How Dancers Can Deal with Social Media Stress

November 19, 2018

For 14-year-old Rose*, who trains at a prestigious ballet academy, social media is a double-edged sword. “I value it because I can keep in contact with people I meet at intensives,” she says, “and it’s also cool to follow dancers I look up to, who inspire me when I have down days.” But on the flip side, “there’s constant comparison,” Rose says. “A friend might post a video of herself, and when I see it, I worry—am I improving enough? There’s so much talent out there, it’s easy to view yourself unfavorably.”

If social media is giving you anxiety, it’s time to take a step back and reassess. That doesn’t necessarily mean going off the grid—though in extreme cases, logging out completely might be the answer. Here’s how to keep your social media experience from taking a toll on your mental health.

Focus on the Positives

“Social media is unhealthy when it makes you feel bad about yourself,” says Dr. Linda Hamilton, a psychologist who works with performers. She says the quickest way to boost your mood is to identify the ways the various platforms make you unhappy—and to avoid using them in that fashion. “If browsing dance stars’ photos on Instagram makes you feel insecure or depressed, I’d say to stop looking at those accounts,” Hamilton says. “If you go to social media to find support from people who are demonstrating healthy behaviors—if it’s a true community—that’s associated with more satisfaction.”

Jami Artiga, co-owner of The Dance Zone in Henderson, NV, says that her studio pushes dancers to use social media in ways that can feed their dreams. “We encourage them to look up companies or colleges, instead of only following celebrities and making memes,” Artiga says.

Take a Break

When you feel like you’re suffocating under the pressure to keep up with everyone else’s online excellence, setting limits for social media use can help you catch your breath. Hamilton cites a recent study in which 6 out of 10 teens who opted out of social media for a week said they felt better as a result. “Just as it’s OK not to look in the mirror if you’re being too critical of yourself, it’s fine to get off social media if it’s become a negative in your life,” she says. You might give yourself a daily time allowance, turn off notifications, or temporarily delete an app.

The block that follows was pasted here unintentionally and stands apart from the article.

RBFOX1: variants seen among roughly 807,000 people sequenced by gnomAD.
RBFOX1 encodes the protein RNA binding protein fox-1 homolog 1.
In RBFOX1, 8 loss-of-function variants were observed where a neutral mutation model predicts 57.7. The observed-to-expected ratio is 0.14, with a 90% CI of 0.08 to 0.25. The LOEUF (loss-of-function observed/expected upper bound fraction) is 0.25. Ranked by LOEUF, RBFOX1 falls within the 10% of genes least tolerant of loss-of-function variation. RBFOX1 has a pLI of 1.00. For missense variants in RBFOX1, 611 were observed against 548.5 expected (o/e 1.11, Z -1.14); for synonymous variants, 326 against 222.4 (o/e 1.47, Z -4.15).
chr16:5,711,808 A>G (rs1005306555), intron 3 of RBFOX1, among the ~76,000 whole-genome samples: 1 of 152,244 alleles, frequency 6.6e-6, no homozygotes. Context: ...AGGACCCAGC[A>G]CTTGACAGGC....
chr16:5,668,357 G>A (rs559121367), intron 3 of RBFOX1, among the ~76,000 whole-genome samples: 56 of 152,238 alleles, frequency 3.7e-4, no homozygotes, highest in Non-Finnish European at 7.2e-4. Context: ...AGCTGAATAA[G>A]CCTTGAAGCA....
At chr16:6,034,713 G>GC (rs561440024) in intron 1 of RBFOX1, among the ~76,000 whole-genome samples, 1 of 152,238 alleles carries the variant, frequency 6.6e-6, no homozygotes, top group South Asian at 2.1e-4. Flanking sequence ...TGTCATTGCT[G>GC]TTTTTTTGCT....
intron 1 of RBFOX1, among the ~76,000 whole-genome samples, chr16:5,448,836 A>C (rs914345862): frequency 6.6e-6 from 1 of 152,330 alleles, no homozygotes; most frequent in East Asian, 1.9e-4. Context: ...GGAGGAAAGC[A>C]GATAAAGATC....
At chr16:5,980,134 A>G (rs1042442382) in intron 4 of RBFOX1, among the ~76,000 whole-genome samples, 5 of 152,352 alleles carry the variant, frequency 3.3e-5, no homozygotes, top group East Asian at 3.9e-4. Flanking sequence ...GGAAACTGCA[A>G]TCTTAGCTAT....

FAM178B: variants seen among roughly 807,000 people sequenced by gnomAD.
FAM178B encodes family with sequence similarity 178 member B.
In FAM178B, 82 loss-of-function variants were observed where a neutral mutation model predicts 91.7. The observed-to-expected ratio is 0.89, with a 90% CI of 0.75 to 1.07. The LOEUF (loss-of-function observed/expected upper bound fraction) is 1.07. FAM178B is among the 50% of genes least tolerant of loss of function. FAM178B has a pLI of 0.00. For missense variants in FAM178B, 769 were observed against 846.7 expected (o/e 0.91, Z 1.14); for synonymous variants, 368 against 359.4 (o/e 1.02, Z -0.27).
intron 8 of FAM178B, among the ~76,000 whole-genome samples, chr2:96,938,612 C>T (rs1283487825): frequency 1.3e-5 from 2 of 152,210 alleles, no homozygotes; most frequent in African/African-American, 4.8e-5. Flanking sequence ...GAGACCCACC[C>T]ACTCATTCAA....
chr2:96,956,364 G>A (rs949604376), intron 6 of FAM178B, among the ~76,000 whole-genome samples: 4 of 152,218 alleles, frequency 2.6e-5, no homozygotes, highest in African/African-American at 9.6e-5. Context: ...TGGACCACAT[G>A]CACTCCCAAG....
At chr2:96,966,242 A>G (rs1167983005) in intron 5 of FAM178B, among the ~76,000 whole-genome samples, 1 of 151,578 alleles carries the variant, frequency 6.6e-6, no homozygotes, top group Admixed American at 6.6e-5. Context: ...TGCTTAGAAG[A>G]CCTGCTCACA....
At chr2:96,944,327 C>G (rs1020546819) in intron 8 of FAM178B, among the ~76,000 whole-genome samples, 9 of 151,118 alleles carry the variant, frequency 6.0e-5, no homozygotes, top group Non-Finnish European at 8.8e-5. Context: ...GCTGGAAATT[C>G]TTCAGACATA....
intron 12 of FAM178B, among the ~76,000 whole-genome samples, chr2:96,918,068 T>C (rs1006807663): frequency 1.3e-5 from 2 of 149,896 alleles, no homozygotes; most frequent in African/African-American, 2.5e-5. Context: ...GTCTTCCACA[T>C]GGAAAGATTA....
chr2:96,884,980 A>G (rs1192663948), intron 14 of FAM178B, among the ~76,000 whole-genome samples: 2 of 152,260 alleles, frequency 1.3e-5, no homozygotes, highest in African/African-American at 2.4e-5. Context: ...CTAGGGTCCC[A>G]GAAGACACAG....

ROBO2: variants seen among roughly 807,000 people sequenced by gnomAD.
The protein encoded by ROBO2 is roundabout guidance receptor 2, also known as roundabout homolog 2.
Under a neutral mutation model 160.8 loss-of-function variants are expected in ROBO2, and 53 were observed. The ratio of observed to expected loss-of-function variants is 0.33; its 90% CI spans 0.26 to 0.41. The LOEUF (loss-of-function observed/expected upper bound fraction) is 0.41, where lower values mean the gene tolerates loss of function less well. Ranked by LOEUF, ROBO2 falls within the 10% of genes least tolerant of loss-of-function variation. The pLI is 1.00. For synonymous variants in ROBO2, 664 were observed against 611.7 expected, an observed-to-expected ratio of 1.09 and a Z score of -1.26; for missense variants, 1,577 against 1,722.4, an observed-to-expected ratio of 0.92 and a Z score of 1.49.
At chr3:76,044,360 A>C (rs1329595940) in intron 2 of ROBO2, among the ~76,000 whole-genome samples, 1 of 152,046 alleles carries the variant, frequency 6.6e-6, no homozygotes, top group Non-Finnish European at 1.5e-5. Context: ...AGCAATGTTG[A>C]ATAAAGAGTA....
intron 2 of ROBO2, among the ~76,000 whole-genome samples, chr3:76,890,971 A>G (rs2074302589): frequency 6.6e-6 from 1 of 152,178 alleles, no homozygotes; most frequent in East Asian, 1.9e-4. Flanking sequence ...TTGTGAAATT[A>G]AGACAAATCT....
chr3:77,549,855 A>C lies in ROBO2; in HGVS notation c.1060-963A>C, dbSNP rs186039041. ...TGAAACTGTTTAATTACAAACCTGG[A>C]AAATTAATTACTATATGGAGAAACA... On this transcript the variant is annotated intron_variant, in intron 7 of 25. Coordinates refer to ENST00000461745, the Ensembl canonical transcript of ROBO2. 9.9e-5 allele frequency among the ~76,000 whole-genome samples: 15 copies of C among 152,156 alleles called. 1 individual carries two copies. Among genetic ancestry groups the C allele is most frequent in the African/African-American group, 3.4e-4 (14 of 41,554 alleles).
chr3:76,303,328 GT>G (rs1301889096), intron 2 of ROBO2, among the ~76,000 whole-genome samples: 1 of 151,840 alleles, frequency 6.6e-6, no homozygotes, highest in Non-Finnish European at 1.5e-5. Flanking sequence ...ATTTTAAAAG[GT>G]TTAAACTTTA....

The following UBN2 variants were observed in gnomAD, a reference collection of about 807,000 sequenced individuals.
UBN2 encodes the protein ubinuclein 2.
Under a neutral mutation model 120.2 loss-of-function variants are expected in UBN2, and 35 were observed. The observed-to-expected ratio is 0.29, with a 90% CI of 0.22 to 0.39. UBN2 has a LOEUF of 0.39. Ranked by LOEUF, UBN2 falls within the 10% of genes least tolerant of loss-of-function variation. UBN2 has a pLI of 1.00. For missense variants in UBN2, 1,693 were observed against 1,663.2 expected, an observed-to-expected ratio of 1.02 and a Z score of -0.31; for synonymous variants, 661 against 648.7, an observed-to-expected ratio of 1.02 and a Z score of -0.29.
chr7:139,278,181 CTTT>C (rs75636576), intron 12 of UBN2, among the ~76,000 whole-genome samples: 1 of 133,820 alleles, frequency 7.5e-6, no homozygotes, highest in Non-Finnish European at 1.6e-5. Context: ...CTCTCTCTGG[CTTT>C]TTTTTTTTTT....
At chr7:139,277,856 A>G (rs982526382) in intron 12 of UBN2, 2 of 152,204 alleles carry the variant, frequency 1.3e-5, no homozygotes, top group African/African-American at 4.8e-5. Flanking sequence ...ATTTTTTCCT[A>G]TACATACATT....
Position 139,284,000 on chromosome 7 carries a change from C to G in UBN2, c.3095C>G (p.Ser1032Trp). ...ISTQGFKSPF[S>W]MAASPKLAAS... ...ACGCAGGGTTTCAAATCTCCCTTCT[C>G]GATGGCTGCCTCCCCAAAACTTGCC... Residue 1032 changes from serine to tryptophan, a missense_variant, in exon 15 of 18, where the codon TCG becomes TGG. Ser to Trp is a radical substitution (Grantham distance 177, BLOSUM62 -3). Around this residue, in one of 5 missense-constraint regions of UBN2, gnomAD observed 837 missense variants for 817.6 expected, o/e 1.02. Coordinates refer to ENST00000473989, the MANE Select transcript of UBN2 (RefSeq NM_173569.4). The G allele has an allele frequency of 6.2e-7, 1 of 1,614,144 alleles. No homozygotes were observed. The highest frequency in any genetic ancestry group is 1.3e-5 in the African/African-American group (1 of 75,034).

Just as it’s OK not to look in the mirror if you’re being too critical of yourself, it’s fine to get off social media if it’s become a negative in your life. -Dr. Linda Hamilton

As you reboot, consider talking to someone about how you’ve been feeling. “I’ve known dancers who felt like they couldn’t even tell their friends they were struggling, because they had to put out this image that everything was fantastic,” Hamilton says. “Find one safe person you can confide in, face-to-face. That’s usually a huge relief.”

Remember What’s Real

Yes, some dancers have turned social media fame into a legitimate career. But it’s much more likely that you’ll enter the professional world the old-fashioned way: by training tirelessly, and by auditioning a ton. That’s why, when Artiga sees students obsessing over social media celebs’ skyrocketing stardom, she offers to connect them with alums of The Dance Zone who work in the field. “Finding a mentor who can tell you what it’s really going to take to get a certain job is much more helpful,” she says. “A pretty scorpion jump makes a great photo, but it’s not a must for a career.” Qualities like hard work and punctuality are just as valuable—even if they don’t have the same social media cachet.

Illustration by Clare Mallison

Keep It in Perspective

As you gasp at the dizzying pirouettes and endless balances you see on social media, remind yourself that they take serious work to master—and that you’re also capable of putting in that work. Artiga asks her students, “What is it going to take for you to do that? More strength? Greater flexibility?” If a pose or step is potentially dangerous, she’ll also go over any risk of injury. (The last thing you want to do is hurt yourself by mimicking poor technique or attempting something that’s too far out of reach.)

In general, thinking more critically about the content you’re viewing on social media can help you take other people’s feeds less personally. “Social media shows an edited version of people’s lives,” Hamilton says. “They’re choosing the photos and videos where they look most attractive.” You don’t know what’s been retouched, or who’s standing just out of frame helping to make those epic shots possible.

Above all, remember that “the big names on Instagram are humans, too. They make mistakes and have bad days,” Rose says. “If you’re working as hard as you can, that’s what matters.”

*Name has been changed.

A version of this story appeared in the December 2018 issue of
Dance Spirit with the title “Social Media Stress.”